seen the physical media. The version 8 one that was made available to me
still seems to be UDB and connect in the same download. However, I couldn't
get it to go very far because the installer couldn't find Java. Perhaps
this is my I/T guy's fault for not packaging the thing correctly when they
pulled it off the CD.

Is there any way I can get a CD image from IBM? My employer has a site
license for DB2/connect EE.

That's what silent installs are for ;-)
If the install was silent, I would agree with you! I actually have gotten a
7.2 install totally scripted and in the bag, but I had issues doing the
install on debian, because of having to trick the system into using RPM
instead of apt-get to install the packages. The only way I could complete the
install was to go behind the installer's back and install all the RPM's
manually with --nodeps, then start up db2setup. Otherwise, I ran into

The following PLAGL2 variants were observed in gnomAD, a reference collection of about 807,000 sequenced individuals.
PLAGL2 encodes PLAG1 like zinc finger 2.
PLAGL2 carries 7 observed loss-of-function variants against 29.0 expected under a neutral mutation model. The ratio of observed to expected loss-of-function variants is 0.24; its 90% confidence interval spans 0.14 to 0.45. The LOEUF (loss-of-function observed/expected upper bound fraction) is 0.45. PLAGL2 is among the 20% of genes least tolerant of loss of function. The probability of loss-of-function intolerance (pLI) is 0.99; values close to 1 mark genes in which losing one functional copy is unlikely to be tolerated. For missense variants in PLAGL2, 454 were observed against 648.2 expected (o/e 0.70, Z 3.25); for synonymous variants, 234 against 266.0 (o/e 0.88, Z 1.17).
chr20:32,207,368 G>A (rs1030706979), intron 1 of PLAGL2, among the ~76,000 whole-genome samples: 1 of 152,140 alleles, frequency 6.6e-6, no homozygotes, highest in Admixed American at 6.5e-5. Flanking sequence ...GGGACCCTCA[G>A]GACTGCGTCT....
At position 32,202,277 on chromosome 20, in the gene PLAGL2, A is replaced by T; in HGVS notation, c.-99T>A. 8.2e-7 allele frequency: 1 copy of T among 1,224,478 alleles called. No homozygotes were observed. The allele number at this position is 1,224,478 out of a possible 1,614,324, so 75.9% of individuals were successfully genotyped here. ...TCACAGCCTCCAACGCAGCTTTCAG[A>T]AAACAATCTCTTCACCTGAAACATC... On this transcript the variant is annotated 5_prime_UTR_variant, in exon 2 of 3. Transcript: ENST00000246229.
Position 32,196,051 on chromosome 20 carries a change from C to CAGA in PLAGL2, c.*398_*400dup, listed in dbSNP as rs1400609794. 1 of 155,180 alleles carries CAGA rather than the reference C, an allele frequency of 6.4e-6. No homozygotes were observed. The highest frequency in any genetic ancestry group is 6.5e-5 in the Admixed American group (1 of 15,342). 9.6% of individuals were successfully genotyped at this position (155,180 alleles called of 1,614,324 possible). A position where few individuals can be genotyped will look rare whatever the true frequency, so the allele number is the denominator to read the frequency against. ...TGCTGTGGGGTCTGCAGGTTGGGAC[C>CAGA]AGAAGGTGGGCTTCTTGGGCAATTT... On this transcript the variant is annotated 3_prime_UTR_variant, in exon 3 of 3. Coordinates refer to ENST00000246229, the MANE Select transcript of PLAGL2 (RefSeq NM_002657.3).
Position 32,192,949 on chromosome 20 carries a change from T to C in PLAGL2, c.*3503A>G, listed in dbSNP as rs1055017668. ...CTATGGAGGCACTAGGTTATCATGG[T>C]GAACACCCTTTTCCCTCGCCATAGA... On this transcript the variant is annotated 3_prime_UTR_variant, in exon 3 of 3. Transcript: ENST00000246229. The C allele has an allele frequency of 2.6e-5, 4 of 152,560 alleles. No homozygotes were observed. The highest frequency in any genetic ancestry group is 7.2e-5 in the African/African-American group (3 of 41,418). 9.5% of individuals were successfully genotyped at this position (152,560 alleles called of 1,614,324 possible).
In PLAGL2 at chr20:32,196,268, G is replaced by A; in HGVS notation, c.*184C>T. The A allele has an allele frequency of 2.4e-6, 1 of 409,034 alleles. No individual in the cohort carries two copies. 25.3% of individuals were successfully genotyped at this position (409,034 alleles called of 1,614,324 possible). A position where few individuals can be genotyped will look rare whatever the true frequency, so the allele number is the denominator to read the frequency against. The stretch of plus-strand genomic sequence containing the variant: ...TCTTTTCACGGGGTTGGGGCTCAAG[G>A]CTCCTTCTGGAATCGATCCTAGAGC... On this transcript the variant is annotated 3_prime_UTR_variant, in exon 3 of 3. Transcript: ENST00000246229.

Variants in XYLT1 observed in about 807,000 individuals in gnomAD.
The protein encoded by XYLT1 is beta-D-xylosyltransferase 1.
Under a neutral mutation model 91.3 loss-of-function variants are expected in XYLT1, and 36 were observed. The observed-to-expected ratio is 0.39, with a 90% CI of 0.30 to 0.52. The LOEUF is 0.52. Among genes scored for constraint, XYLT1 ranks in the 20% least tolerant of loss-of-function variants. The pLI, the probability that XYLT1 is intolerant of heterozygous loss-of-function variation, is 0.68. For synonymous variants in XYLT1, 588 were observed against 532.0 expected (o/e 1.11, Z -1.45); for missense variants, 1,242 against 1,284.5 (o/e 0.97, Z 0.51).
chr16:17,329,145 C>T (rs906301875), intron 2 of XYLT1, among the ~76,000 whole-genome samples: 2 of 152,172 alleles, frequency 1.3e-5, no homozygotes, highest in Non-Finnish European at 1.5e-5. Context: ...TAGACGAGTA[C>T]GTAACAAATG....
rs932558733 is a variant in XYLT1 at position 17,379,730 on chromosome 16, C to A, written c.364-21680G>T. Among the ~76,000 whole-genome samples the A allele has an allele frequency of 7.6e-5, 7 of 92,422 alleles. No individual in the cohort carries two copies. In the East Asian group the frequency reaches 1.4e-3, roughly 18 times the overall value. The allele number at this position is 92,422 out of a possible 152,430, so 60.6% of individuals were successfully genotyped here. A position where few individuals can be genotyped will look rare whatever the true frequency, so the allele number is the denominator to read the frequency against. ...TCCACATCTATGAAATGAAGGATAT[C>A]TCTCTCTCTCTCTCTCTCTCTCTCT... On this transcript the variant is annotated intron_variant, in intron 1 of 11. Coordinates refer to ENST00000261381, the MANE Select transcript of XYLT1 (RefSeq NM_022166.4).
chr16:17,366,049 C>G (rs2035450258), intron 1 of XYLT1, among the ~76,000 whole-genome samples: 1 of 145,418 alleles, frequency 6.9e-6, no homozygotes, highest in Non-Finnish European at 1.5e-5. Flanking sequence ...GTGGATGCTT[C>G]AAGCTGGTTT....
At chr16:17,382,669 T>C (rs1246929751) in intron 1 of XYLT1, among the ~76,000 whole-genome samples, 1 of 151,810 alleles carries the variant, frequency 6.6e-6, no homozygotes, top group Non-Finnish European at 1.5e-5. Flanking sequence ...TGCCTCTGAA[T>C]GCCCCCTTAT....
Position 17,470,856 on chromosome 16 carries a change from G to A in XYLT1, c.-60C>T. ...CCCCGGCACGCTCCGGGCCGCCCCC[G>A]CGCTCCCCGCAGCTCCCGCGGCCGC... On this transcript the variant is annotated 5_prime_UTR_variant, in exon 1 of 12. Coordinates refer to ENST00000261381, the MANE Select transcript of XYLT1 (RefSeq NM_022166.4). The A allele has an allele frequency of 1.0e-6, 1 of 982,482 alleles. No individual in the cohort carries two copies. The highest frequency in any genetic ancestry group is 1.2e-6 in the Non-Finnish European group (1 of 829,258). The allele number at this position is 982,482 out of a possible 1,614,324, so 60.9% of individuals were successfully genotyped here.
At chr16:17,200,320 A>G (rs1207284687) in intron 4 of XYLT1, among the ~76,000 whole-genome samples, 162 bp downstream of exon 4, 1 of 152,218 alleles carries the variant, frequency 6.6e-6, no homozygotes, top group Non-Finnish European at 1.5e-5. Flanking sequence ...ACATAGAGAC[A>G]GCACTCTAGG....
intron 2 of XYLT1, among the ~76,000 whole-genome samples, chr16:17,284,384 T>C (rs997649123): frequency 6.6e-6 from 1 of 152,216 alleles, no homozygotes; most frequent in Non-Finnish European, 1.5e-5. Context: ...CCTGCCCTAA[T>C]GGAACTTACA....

dependency issues with such obscure programs as bin/sh, because the RPM
package database doesn't have anything in it on debian. In fact, to even
get rpm to work, you have to build some directories as well.

I understand why IBM is using RPMs, given their partnership with dead rat,
but I'm more a debian man myself.
Note that the DB2 java
installer does not assume much about what software is installed already
since it uses the version of Java found on the CD.
No Java on my 8.2 image. That's the problem. And why do you need a java
installer anyway? Something more along the lines of autoconf, which normally
does it's thing via shell scripts and make files, would be a lot nicer.
Granted about the GUI via SSH/telnet. That said, I regularly install
DB2 graphically on a machine that's over 3000km away. But I've the
advantage of VNC working...
VNC works fine, but I do run into issues sometimes with very slow or even
lost updates. And it defeats the purpose of what I'm trying to do - set up
a completely automated server config script that installs everything all by
itself.